Grossman shows flashes of Bart Starr - and Bart Simpson




 
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Grossman shows flashes of Bart Starr - and Bart Simpson
 
January 15th, 2007  
Team Infidel
 
 

Topic: Grossman shows flashes of Bart Starr - and Bart Simpson


Grossman shows flashes of Bart Starr - and Bart Simpson


JIM LITKE

AP Sports Columnist

CHICAGO - After almost 500 throws during the regular season, half that many in practice each and every week, and three dozen more against the Seahawks late Sunday afternoon Bears quarterback Rex Grossman finally let one fly that kept a city from tossing him into the lake.
This week, anyway.
For the record, it was a 30-yard completion to Rashied Davis, who split the seam on the right side of Seattle's zone defense on a third-and-10 play in overtime and carried the ball to the Seahawks' 36.
"A lot of guys," Chicago center Olin Kreutz said, "wouldn't throw that pass."
True.
So just for good measure, Grossman tempted fate once more before laying the game on the foot of kicker Robbie Gould.
After handing off twice to Cedric Benson for 4 yards, Grossman went back to pass and was flushed from the pocket. He took off to his right, running for his life on one of those impromptu adventures that all too often have been preludes to disaster.
This time, though, instead of trying to do too much, Grossman simply threw it so far out of bounds that the vendors in the stands were more likely to fight over it than anybody wearing a uniform. He then wisely ran off the field with his head down, not looking up until it was time to track Gould's game-winning kick from 49 yards.
"The most important thing is we won," Grossman said. "I don't care how we do it, I really don't."
Neither does the town that would like to adopt him but can't get too cozy with a quarterback who plays like Bart Starr one week and Bart Simpson the next.
Chicago had enough of that with Jim McMahon. The punky QB never dealt well with authority - he often likened coach Mike Ditka to "Sybil."
But compared to "Good Rex-Bad Rex," McMahon was a model of consistency,on the field, anyway.
Grossman threw 23 touchdowns in the regular season, offset by 20 interceptions. He's been the league's highest-rated quarterback a handful of times and its lowest-rated almost as often. No wonder every week became a referendum on whether to bench Grossman in favor of backup Brian Griese. With the Bears' bye giving fans two weeks to rage, the latest debate was the loudest.
After Sunday's 27-24 victory, Grossman was asked: "How long have the last two weeks been?"
Thankful for an easy question, Grossman smirked.
"Fourteen days," he said.
Without prompting, he added, "I think you give yourselves too much credit how (the criticism) affects me. It affects my family more than it affects me."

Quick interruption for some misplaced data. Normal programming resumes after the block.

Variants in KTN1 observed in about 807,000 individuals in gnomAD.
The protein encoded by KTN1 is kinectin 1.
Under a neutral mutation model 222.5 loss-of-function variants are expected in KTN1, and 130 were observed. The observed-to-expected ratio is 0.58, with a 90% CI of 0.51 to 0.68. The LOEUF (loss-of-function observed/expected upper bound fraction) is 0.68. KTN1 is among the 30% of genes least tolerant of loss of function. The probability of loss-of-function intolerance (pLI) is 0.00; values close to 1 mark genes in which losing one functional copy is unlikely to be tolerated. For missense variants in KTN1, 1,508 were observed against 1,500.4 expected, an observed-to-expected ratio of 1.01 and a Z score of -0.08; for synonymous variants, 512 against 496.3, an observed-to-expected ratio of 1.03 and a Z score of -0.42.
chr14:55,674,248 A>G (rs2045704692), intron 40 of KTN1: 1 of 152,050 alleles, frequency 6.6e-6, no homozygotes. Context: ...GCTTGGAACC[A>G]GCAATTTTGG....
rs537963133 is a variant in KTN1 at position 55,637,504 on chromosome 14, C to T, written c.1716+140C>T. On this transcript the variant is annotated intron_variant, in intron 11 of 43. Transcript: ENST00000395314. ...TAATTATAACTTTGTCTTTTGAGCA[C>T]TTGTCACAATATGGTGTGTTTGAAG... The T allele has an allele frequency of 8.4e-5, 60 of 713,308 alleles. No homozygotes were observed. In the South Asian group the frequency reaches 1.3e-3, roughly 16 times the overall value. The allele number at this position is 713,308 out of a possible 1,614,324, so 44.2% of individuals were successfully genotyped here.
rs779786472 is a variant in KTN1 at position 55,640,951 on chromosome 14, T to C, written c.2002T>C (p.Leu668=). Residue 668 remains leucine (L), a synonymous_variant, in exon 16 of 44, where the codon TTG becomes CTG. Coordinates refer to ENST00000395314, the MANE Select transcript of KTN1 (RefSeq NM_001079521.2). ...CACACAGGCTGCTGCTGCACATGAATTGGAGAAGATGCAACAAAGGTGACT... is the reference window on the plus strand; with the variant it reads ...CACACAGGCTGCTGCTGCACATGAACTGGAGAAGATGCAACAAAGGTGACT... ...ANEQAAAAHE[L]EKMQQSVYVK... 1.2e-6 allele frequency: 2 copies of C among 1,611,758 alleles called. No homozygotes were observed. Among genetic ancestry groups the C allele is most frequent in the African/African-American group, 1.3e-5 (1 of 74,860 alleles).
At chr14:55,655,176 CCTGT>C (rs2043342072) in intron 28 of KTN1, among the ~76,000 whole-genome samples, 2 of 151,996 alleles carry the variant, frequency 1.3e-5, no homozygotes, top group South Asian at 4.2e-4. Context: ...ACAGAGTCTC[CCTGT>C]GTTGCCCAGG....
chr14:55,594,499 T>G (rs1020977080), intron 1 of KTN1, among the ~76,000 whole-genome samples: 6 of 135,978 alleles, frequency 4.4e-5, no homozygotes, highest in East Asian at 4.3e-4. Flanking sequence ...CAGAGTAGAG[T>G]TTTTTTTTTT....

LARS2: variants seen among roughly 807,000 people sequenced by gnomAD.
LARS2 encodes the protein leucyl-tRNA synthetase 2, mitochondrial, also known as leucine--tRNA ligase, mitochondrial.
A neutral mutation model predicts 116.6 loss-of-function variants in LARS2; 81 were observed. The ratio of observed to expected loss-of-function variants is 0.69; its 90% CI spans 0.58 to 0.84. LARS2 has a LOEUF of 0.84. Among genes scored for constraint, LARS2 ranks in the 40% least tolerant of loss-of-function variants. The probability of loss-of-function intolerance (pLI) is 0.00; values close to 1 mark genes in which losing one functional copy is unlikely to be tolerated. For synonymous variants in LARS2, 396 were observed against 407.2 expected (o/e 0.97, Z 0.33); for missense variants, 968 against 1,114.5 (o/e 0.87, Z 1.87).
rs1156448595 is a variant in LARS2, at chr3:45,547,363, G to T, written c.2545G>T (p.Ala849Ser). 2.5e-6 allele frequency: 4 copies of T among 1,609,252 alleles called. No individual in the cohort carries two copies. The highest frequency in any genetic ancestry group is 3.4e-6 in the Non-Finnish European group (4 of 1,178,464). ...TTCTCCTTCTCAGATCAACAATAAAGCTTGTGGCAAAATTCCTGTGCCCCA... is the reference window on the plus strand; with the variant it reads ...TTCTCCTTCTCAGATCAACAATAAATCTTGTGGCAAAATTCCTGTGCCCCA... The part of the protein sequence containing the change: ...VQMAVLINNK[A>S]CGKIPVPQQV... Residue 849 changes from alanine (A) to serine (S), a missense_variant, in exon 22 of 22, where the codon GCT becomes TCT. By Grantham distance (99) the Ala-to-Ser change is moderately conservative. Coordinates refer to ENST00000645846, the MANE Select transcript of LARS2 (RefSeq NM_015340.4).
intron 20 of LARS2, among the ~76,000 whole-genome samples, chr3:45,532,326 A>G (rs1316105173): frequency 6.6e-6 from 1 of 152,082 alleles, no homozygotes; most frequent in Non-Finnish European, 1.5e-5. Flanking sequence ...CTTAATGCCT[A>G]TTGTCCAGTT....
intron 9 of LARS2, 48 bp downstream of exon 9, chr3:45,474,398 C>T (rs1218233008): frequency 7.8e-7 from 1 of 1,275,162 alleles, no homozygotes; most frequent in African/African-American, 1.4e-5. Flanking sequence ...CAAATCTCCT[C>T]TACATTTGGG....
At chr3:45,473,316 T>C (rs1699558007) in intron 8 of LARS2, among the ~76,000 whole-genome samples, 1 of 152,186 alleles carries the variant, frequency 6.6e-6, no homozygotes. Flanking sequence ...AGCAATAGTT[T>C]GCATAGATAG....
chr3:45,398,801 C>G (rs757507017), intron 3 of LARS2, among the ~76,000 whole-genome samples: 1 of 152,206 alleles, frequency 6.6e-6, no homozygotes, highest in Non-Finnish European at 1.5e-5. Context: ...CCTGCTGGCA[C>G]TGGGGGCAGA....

His teammates, taking their cue from stubborn Bears coach Lovie Smith, have bailed Grossman out a few times and supported him after every one. But you had to wonder how long that would have lasted Sunday had Grossman's first pass not bounced off the hands of Seahawks cornerback Jordan Babineaux on the second play of the game and into the waiting arms of Bears wideout Bernard Berrien.
"When the ball bounces your way," Berrien said, "sometimes that's because it's meant to be."
Other times, it meant absolutely nothing.
Grossman has had great throws tipped into the wrong hands for interceptions and poor throws, like the one Babineaux could have stolen and sent the Bears into an early funk, work out wonderfully. One reason his teammates consistently cover his back is Grossman behaves the same either way.
He doesn't point fingers, and so far, they've returned the favor. It makes no difference whether the town and the newspapers lionize him, as they did early in the season, or call for his head, as they often did at the end.
"They love to hate him, I'll tell you that much," Bears linebacker Brian Urlacher said. "The media is all over him.
"But us as a team, and our head coach? He's our guy. We believe in him. He comes through for us," Urlacher added, "when he has to."
Grossman must do it again next week when the Saints come to town - with a much stronger offense and a healthy secondary to boot. The Seahawks were so devastated by injuries to their defensive backs that they played Pete Hunter, who was working in a Dallas-area mortgage office until recently, at one spot and left overmatched rookie Kelly Jennings out there in another. Grossman knows the pickings won't be that easy against New Orleans.
"We're in the NFC championship, and we win one game, we're in the Super Bowl," Grossman said. "Two wins away," he said, "from having a ring on my finger for the rest of my life,"